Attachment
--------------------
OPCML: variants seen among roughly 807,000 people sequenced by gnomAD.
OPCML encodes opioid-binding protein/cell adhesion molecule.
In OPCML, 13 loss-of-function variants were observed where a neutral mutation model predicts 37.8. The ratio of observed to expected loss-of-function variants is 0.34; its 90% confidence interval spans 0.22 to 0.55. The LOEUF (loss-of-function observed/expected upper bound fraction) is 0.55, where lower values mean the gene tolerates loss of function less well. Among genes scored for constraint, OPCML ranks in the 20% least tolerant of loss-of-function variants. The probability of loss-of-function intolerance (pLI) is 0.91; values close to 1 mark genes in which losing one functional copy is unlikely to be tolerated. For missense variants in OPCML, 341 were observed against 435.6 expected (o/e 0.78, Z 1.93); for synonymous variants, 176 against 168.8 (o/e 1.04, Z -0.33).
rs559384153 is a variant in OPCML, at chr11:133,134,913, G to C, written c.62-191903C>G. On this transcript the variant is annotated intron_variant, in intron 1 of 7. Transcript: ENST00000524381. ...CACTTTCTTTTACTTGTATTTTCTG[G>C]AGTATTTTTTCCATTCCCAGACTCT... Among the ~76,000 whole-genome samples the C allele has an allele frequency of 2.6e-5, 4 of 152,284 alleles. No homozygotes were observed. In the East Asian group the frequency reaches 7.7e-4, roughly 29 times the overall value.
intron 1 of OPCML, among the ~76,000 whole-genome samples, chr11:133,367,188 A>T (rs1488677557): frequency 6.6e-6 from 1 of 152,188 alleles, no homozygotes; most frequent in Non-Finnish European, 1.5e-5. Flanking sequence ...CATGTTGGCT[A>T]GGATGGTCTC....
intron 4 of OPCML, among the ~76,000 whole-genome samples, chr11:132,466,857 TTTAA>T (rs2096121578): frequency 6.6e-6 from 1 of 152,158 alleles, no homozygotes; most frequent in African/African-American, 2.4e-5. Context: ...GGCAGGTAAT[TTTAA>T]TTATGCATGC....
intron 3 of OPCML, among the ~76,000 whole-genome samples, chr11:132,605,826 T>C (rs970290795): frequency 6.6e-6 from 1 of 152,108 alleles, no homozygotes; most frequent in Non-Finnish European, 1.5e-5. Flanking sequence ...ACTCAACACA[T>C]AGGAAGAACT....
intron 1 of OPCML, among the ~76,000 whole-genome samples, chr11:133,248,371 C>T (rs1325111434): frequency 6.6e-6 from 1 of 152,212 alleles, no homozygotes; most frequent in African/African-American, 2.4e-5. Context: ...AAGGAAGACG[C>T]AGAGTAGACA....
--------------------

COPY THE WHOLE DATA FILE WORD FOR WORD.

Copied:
OPCML: variants seen among roughly 807,000 people sequenced by gnomAD.
OPCML encodes opioid-binding protein/cell adhesion molecule.
In OPCML, 13 loss-of-function variants were observed where a neutral mutation model predicts 37.8. The ratio of observed to expected loss-of-function variants is 0.34; its 90% confidence interval spans 0.22 to 0.55. The LOEUF (loss-of-function observed/expected upper bound fraction) is 0.55, where lower values mean the gene tolerates loss of function less well. Among genes scored for constraint, OPCML ranks in the 20% least tolerant of loss-of-function variants. The probability of loss-of-function intolerance (pLI) is 0.91; values close to 1 mark genes in which losing one functional copy is unlikely to be tolerated. For missense variants in OPCML, 341 were observed against 435.6 expected (o/e 0.78, Z 1.93); for synonymous variants, 176 against 168.8 (o/e 1.04, Z -0.33).
rs559384153 is a variant in OPCML, at chr11:133,134,913, G to C, written c.62-191903C>G. On this transcript the variant is annotated intron_variant, in intron 1 of 7. Transcript: ENST00000524381. ...CACTTTCTTTTACTTGTATTTTCTG[G>C]AGTATTTTTTCCATTCCCAGACTCT... Among the ~76,000 whole-genome samples the C allele has an allele frequency of 2.6e-5, 4 of 152,284 alleles. No homozygotes were observed. In the East Asian group the frequency reaches 7.7e-4, roughly 29 times the overall value.
intron 1 of OPCML, among the ~76,000 whole-genome samples, chr11:133,367,188 A>T (rs1488677557): frequency 6.6e-6 from 1 of 152,188 alleles, no homozygotes; most frequent in Non-Finnish European, 1.5e-5. Flanking sequence ...CATGTTGGCT[A>T]GGATGGTCTC....
intron 4 of OPCML, among the ~76,000 whole-genome samples, chr11:132,466,857 TTTAA>T (rs2096121578): frequency 6.6e-6 from 1 of 152,158 alleles, no homozygotes; most frequent in African/African-American, 2.4e-5. Context: ...GGCAGGTAAT[TTTAA>T]TTATGCATGC....
intron 3 of OPCML, among the ~76,000 whole-genome samples, chr11:132,605,826 T>C (rs970290795): frequency 6.6e-6 from 1 of 152,108 alleles, no homozygotes; most frequent in Non-Finnish European, 1.5e-5. Flanking sequence ...ACTCAACACA[T>C]AGGAAGAACT....
intron 1 of OPCML, among the ~76,000 whole-genome samples, chr11:133,248,371 C>T (rs1325111434): frequency 6.6e-6 from 1 of 152,212 alleles, no homozygotes; most frequent in African/African-American, 2.4e-5. Context: ...AAGGAAGACG[C>T]AGAGTAGACA....